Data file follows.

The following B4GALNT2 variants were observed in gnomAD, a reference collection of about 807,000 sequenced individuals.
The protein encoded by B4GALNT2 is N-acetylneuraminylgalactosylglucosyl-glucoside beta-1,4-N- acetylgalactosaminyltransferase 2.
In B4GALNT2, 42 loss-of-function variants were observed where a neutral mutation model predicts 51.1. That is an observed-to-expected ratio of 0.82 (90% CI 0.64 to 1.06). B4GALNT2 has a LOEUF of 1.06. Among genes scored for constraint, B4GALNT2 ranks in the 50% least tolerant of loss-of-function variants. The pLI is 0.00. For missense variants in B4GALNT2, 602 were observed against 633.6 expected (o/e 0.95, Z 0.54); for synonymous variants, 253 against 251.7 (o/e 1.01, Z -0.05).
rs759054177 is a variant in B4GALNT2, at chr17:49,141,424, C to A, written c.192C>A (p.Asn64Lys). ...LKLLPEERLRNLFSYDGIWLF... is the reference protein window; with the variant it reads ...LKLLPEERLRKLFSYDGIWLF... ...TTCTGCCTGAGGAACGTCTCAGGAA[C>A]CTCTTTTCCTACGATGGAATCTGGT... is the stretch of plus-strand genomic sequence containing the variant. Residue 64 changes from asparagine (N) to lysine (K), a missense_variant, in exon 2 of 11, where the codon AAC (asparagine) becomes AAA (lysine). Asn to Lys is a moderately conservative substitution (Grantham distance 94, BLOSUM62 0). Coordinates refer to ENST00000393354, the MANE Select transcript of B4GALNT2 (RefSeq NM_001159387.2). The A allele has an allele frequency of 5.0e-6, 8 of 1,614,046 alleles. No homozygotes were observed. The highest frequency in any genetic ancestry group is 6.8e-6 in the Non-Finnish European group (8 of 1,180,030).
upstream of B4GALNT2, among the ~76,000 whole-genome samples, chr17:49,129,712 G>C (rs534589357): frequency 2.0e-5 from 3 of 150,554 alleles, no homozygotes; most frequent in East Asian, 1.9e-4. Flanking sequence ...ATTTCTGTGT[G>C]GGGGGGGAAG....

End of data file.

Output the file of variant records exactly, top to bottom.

The following B4GALNT2 variants were observed in gnomAD, a reference collection of about 807,000 sequenced individuals.
The protein encoded by B4GALNT2 is N-acetylneuraminylgalactosylglucosyl-glucoside beta-1,4-N- acetylgalactosaminyltransferase 2.
In B4GALNT2, 42 loss-of-function variants were observed where a neutral mutation model predicts 51.1. That is an observed-to-expected ratio of 0.82 (90% CI 0.64 to 1.06). B4GALNT2 has a LOEUF of 1.06. Among genes scored for constraint, B4GALNT2 ranks in the 50% least tolerant of loss-of-function variants. The pLI is 0.00. For missense variants in B4GALNT2, 602 were observed against 633.6 expected (o/e 0.95, Z 0.54); for synonymous variants, 253 against 251.7 (o/e 1.01, Z -0.05).
rs759054177 is a variant in B4GALNT2, at chr17:49,141,424, C to A, written c.192C>A (p.Asn64Lys). ...LKLLPEERLRNLFSYDGIWLF... is the reference protein window; with the variant it reads ...LKLLPEERLRKLFSYDGIWLF... ...TTCTGCCTGAGGAACGTCTCAGGAA[C>A]CTCTTTTCCTACGATGGAATCTGGT... is the stretch of plus-strand genomic sequence containing the variant. Residue 64 changes from asparagine (N) to lysine (K), a missense_variant, in exon 2 of 11, where the codon AAC (asparagine) becomes AAA (lysine). Asn to Lys is a moderately conservative substitution (Grantham distance 94, BLOSUM62 0). Coordinates refer to ENST00000393354, the MANE Select transcript of B4GALNT2 (RefSeq NM_001159387.2). The A allele has an allele frequency of 5.0e-6, 8 of 1,614,046 alleles. No homozygotes were observed. The highest frequency in any genetic ancestry group is 6.8e-6 in the Non-Finnish European group (8 of 1,180,030).
upstream of B4GALNT2, among the ~76,000 whole-genome samples, chr17:49,129,712 G>C (rs534589357): frequency 2.0e-5 from 3 of 150,554 alleles, no homozygotes; most frequent in East Asian, 1.9e-4. Flanking sequence ...ATTTCTGTGT[G>C]GGGGGGGAAG....